sheenaghpugh: (Bookworm)
Sapphique, the sequel to the Carnegie-nominated Incarceron, is coming out before too long and there's an excerpt from it up on her web site here. As usual, being a kids' book, it is about twice as gripping as anything written for adults...


sheenaghpugh: (book)
... to hear that Catherine Fisher's Incarceron is longlisted for the Carnegie Medal. Apart from how gripping and thought-provoking it is, I've fallen seriously in love with one of the characters, the hero's best friend Keiro, who may or may not be on the side of the angels - I foresee major angst in the sequel, with any luck.


sheenaghpugh: (book)
... in Germany, at least, and via being quoted by someone who already is? Some time ago I got a request from a German publisher on behalf of a children's author who wanted to quote a translated version of a poem of mine called "What If This Road". I said sure, why not (quite forgetting to ask for any money; I do wish mamma hadn't brought me up believing it was rude to mention money) and thought no more of it. I didn't take much note of the author's name either.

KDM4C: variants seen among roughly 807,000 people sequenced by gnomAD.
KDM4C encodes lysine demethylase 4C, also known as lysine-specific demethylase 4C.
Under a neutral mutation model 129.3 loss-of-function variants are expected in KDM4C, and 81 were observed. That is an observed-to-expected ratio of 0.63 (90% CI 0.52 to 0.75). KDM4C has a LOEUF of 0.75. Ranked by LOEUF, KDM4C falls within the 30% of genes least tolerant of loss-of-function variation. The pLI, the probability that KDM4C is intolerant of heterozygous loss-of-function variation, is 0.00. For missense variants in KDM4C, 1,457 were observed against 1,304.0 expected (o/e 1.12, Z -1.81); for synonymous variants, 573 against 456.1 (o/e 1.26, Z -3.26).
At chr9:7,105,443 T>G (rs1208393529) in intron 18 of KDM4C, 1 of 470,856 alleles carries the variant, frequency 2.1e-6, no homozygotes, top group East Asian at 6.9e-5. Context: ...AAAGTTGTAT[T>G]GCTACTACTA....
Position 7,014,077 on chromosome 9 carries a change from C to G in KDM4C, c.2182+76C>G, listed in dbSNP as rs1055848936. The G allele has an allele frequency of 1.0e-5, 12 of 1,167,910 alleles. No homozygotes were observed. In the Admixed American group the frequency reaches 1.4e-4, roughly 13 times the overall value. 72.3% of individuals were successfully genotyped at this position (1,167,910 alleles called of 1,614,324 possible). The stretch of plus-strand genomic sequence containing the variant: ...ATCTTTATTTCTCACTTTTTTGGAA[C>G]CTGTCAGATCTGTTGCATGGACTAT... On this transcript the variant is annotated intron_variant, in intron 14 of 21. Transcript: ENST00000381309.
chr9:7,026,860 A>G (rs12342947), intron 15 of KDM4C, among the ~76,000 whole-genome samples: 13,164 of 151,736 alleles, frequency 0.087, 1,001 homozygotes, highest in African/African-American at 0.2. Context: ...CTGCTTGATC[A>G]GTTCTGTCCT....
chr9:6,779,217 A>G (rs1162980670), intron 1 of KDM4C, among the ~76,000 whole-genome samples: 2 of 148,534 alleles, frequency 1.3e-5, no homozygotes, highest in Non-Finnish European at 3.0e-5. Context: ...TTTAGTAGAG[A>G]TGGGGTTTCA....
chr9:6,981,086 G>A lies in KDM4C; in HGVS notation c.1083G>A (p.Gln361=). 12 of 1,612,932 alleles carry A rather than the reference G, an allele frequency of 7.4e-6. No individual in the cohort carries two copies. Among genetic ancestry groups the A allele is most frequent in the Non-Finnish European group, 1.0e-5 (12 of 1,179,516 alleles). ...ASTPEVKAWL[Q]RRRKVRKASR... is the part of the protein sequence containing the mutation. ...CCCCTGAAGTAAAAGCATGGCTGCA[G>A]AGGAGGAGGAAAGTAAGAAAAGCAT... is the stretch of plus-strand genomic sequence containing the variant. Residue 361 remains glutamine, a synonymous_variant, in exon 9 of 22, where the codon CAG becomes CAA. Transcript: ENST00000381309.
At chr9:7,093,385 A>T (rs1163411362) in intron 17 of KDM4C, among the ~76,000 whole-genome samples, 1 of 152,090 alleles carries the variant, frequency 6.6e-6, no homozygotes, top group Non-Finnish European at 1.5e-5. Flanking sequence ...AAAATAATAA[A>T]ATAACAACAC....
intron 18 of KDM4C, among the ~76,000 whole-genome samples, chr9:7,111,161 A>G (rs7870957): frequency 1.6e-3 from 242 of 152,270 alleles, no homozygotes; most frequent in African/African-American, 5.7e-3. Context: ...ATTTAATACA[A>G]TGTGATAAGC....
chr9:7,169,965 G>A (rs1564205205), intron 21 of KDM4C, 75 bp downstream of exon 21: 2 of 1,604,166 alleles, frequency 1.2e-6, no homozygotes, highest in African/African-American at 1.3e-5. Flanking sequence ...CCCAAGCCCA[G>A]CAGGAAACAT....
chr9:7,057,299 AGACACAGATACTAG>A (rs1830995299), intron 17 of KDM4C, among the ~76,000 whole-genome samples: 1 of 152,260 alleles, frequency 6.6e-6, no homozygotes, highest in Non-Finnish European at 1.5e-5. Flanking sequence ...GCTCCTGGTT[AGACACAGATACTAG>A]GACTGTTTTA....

Soooo... the complimentary copy just arrived and when I saw what a beautiful hardback artefact it was, I checked up on the author at last. Obviously I should have heard of Cornelia Funke; she's been translated into English and all sorts of other languages and her Wikipedia entry says she's compared to JKR - most unfairly as far as I can see, as the little I have read so far makes Funke look a far better writer. (Her website is even more fun, too.) What I have is the German version of Tintentod (Inkdeath); apparently it comes out in English next year, and at least one US bookshop has ordered the German version because his customers couldn't wait for the English one.

Well, well... all recognition is welcome, including that classed as OBE (Other Buggers' Efforts). I wish the translation of the poem had preserved an ambiguity in the last two lines, but it isn't bad otherwise (nor am I saying I see how it could have done).

Poem behind the cut if anyone's interested What If This Road )

and here's the German version )